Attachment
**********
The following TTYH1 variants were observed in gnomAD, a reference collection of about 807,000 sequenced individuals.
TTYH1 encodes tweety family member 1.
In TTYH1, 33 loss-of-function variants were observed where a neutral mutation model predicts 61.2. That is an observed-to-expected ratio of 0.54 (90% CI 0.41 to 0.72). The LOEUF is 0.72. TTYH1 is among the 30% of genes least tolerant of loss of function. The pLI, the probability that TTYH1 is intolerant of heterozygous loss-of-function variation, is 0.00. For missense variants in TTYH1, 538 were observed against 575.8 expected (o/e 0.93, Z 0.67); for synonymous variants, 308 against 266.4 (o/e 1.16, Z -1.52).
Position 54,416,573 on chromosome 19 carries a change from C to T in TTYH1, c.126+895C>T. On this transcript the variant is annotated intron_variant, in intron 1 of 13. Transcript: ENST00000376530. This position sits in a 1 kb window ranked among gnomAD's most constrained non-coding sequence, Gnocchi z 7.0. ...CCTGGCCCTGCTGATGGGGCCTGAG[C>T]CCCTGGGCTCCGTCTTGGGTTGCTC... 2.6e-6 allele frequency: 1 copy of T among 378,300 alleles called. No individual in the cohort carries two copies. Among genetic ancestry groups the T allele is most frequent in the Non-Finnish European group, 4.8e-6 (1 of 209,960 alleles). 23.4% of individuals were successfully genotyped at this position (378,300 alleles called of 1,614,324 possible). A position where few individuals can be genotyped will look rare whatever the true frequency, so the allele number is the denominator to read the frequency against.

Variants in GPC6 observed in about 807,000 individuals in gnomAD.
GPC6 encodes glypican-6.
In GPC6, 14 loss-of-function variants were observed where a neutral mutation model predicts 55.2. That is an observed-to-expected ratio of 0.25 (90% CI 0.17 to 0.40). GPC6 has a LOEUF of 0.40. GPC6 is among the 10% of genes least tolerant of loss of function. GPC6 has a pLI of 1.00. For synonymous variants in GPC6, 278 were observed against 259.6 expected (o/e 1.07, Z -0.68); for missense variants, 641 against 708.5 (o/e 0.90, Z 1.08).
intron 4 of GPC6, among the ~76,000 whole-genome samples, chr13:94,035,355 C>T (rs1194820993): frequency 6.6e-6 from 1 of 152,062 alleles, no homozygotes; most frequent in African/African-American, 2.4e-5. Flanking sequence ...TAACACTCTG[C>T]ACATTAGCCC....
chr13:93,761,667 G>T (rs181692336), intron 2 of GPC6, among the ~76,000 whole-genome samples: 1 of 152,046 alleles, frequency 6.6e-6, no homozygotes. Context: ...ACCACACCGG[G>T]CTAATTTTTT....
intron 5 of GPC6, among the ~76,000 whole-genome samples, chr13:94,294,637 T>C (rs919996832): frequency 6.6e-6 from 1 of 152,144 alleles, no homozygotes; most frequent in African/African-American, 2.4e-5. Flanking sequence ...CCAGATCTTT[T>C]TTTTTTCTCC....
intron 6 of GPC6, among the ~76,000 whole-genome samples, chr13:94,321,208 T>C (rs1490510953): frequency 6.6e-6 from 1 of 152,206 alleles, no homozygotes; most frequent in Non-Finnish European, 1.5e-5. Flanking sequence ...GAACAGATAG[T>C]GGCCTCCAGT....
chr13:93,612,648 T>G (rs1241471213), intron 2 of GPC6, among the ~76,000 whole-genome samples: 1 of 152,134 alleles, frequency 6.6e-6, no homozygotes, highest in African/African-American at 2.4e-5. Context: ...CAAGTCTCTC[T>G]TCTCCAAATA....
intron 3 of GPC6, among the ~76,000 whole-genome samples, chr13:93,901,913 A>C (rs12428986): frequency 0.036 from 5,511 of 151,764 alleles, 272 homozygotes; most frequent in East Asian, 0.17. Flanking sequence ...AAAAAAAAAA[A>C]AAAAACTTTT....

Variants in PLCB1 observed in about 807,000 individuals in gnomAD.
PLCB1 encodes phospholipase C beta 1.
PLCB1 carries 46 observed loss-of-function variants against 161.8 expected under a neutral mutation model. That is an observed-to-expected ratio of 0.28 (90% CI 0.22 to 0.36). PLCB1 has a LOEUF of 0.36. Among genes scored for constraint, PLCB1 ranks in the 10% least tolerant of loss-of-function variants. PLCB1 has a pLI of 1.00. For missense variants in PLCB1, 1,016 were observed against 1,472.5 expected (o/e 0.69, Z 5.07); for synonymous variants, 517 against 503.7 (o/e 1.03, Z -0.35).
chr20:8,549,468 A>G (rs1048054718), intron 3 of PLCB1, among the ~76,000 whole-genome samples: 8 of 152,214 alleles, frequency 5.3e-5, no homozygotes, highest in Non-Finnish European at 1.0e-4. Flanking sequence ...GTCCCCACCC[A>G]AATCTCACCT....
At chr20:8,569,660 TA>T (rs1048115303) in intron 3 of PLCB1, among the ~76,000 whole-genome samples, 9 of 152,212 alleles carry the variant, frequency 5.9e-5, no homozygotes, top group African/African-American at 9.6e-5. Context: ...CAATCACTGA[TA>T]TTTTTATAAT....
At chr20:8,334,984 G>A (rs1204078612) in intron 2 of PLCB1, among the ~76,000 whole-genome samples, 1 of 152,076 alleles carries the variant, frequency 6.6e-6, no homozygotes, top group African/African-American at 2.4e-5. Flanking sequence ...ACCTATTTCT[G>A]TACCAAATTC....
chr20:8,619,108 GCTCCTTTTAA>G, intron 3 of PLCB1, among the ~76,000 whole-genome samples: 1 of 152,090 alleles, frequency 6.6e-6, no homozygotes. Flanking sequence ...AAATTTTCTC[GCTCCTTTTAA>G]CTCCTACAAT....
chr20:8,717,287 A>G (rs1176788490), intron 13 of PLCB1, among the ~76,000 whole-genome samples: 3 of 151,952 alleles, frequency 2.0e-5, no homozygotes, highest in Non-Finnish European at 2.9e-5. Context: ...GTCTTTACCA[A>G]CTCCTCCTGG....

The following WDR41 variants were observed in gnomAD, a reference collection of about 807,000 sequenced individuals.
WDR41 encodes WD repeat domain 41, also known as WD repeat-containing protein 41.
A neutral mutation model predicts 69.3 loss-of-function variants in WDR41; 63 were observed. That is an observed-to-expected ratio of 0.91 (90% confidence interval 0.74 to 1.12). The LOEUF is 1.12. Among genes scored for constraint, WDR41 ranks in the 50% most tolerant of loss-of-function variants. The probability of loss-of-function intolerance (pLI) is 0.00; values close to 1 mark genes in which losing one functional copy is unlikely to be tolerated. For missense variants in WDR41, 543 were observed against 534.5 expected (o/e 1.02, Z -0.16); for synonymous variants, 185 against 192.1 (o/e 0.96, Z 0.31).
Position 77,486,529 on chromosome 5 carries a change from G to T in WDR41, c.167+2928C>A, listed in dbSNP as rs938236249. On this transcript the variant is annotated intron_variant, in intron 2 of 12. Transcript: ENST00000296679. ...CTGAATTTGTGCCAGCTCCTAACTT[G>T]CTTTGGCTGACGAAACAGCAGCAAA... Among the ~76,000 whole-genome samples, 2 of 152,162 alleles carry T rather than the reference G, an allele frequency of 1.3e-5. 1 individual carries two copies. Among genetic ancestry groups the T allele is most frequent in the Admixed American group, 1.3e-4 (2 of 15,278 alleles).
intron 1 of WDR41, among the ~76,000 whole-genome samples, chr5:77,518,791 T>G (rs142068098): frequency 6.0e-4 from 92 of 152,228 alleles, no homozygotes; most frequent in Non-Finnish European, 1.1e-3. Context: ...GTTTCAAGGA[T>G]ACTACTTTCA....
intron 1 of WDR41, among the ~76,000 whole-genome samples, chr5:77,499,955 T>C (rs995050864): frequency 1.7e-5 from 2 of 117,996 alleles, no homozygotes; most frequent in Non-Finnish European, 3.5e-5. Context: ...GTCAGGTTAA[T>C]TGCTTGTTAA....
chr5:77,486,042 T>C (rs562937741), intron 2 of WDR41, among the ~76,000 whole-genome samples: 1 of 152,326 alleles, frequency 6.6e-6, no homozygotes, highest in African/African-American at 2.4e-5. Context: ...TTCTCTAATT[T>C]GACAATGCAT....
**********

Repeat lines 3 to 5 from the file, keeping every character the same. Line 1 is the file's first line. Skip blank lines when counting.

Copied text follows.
In TTYH1, 33 loss-of-function variants were observed where a neutral mutation model predicts 61.2. That is an observed-to-expected ratio of 0.54 (90% CI 0.41 to 0.72). The LOEUF is 0.72. TTYH1 is among the 30% of genes least tolerant of loss of function. The pLI, the probability that TTYH1 is intolerant of heterozygous loss-of-function variation, is 0.00. For missense variants in TTYH1, 538 were observed against 575.8 expected (o/e 0.93, Z 0.67); for synonymous variants, 308 against 266.4 (o/e 1.16, Z -1.52).
Position 54,416,573 on chromosome 19 carries a change from C to T in TTYH1, c.126+895C>T. On this transcript the variant is annotated intron_variant, in intron 1 of 13. Transcript: ENST00000376530. This position sits in a 1 kb window ranked among gnomAD's most constrained non-coding sequence, Gnocchi z 7.0. ...CCTGGCCCTGCTGATGGGGCCTGAG[C>T]CCCTGGGCTCCGTCTTGGGTTGCTC... 2.6e-6 allele frequency: 1 copy of T among 378,300 alleles called. No individual in the cohort carries two copies. Among genetic ancestry groups the T allele is most frequent in the Non-Finnish European group, 4.8e-6 (1 of 209,960 alleles). 23.4% of individuals were successfully genotyped at this position (378,300 alleles called of 1,614,324 possible). A position where few individuals can be genotyped will look rare whatever the true frequency, so the allele number is the denominator to read the frequency against.

Variants in GPC6 observed in about 807,000 individuals in gnomAD.